Maternal Sepsis Mortality and Morbidity During Hospitalization for Delivery: Temporal Trends and Independent Associations for Severe Sepsis
ABSTRACT BACKGROUND:Sepsis is currently the leading cause of direct maternal death in the United Kingdom. In this study, we aimed to determine frequency, temporal trends, and independent associations for severe sepsis during hospitalization for delivery in the United States.METHODS:Data were obtained from the Nationwide Inpatient Sample for the years 1998 through 2008. The presence of severe sepsis was identified by the appropriate International Classification of Diseases, Ninth Revision, Clinical Modification codes. Logistic regression analysis was used to assess temporal trends for sepsis, severe sepsis, and sepsis-related death and also to identify independent associations of severe sepsis.RESULTS:Of an estimated 44,999,260 hospitalizations for delivery, sepsis complicated 1:3333 (95% confidence interval [CI], 1:3151-1:3540) deliveries, severe sepsis complicated 1:10,823 (95% CI, 1:10,000-1:11,792) deliveries, and sepsis-related death complicated 1:105,263 (95% CI, 1:83,333-1:131,579) deliveries. While the overall frequency of sepsis was stable(P = 0.95), the risk of severe sepsis and sepsis-related death increased during the study period, (P < 0.001) and (P = 0.02), respectively. Independent associations for severe sepsis, with an adjusted odds ratio and lower bound 95% CI higher than 3, include congestive heart failure, chronic liver disease, chronic renal disease, systemic lupus erythematous, and rescue cerclage placement.CONCLUSIONS:Maternal severe sepsis and sepsis-related deaths are increasing in the United States. Severe sepsis often occurs in the absence of a recognized risk factor and underscores the need for developing systems of care that increase sensitivity for disease detection across the entire population. Physicians should enhance surveillance in patients with congestive heart failure, chronic liver disease, chronic renal disease, and systemic lupus erythematous and institute early treatment when signs of sepsis are emerging.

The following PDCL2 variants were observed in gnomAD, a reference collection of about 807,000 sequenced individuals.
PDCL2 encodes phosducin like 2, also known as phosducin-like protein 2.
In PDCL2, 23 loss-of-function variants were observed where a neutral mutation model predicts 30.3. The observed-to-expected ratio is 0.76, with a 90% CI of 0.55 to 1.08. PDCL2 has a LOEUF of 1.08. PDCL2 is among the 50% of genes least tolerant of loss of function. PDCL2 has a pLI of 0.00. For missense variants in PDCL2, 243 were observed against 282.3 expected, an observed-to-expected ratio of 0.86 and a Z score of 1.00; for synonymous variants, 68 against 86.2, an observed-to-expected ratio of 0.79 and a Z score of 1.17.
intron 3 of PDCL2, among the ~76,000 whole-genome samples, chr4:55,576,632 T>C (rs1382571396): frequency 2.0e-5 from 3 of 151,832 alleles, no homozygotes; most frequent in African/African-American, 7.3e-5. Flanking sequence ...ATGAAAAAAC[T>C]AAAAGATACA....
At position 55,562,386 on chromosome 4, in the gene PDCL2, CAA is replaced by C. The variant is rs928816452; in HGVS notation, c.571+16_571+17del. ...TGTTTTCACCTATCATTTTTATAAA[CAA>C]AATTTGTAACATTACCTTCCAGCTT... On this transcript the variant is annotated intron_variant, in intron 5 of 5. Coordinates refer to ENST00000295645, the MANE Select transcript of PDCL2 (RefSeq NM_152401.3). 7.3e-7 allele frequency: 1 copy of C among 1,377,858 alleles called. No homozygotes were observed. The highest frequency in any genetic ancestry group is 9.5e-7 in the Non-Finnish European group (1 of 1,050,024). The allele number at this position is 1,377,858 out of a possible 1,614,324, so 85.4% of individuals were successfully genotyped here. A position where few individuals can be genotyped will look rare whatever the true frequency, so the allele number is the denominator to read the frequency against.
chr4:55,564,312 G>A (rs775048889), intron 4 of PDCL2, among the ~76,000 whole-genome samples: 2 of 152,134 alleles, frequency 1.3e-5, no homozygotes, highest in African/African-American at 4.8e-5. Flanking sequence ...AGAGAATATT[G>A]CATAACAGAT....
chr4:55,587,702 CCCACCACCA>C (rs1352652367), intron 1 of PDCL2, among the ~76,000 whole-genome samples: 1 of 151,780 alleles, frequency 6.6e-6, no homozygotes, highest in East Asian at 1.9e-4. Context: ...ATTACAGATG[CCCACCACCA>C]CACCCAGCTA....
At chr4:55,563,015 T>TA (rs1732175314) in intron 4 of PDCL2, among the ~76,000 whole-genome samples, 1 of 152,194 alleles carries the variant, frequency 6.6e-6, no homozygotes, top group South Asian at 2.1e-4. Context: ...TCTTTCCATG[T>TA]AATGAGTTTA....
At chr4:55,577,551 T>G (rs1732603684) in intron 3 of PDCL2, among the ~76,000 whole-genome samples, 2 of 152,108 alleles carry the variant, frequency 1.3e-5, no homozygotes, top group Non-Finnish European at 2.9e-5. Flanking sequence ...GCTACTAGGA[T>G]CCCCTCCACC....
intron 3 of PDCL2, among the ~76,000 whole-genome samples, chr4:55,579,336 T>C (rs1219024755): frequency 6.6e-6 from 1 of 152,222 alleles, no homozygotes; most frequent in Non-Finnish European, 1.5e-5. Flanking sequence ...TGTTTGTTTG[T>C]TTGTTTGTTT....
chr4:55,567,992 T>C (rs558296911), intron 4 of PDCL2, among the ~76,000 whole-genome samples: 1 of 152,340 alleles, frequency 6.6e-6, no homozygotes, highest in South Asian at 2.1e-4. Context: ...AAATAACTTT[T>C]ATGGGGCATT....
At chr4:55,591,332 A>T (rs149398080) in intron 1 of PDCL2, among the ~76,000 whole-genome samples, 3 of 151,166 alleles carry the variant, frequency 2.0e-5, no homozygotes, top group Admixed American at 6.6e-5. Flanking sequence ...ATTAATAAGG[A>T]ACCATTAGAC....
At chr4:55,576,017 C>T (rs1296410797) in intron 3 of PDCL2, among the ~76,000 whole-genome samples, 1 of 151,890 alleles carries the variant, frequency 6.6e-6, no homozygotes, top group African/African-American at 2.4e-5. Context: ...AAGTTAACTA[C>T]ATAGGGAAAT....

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ABSTRACT: To design an emergency department (ED) sepsis scoring system to identify risk of intensive care unit (ICU) admission in pregnant and postpartum women. The Sepsis in Obstetrics Score (S.O.S.) was created by modifying validated scoring systems in accordance with recognized physiologic changes of pregnancy. The S.O.S was applied to a retrospective cohort of pregnant and postpartum patients between February 2009 and May 2011 with clinical suspicion of sepsis. The primary outcome was ICU admission. Secondary outcomes were telemetry unit admission, length of stay, positive blood cultures, positive influenza swabs, perinatal outcome, and maternal mortality. Receiver operating characteristic (ROC) curves were constructed to estimate the optimal score for identification of risk of ICU admission. 850 eligible women were included. There were 9 ICU (1.1%) and 32 telemetry (3.8%) admissions, and no maternal deaths. The S.O.S. had an AUC of 0.97 for ICU admission. An S.O.S. ≥ 6 (maximum score 28) had an AUC of 0.92 with a sensitivity of 88.9%, a specificity of 95.2%, a positive predictive value of 16.7%, and a negative predictive value of 99.9% for ICU admission, with an adjusted odds ratio of 109 (95% confidence interval, 18 - 661). An S.O.S. ≥ 6 was independently associated with increased ICU or telemetry unit admissions, positive blood cultures, and fetal tachycardia. A sepsis scoring system designed specifically for an obstetric population appears to reliably identify patients at high risk for admission to the ICU. Prospective validation is warranted.American journal of obstetrics and gynecology 03/2014; 211(1). DOI:10.1016/j.ajog.2014.03.010 · 3.97 Impact Factor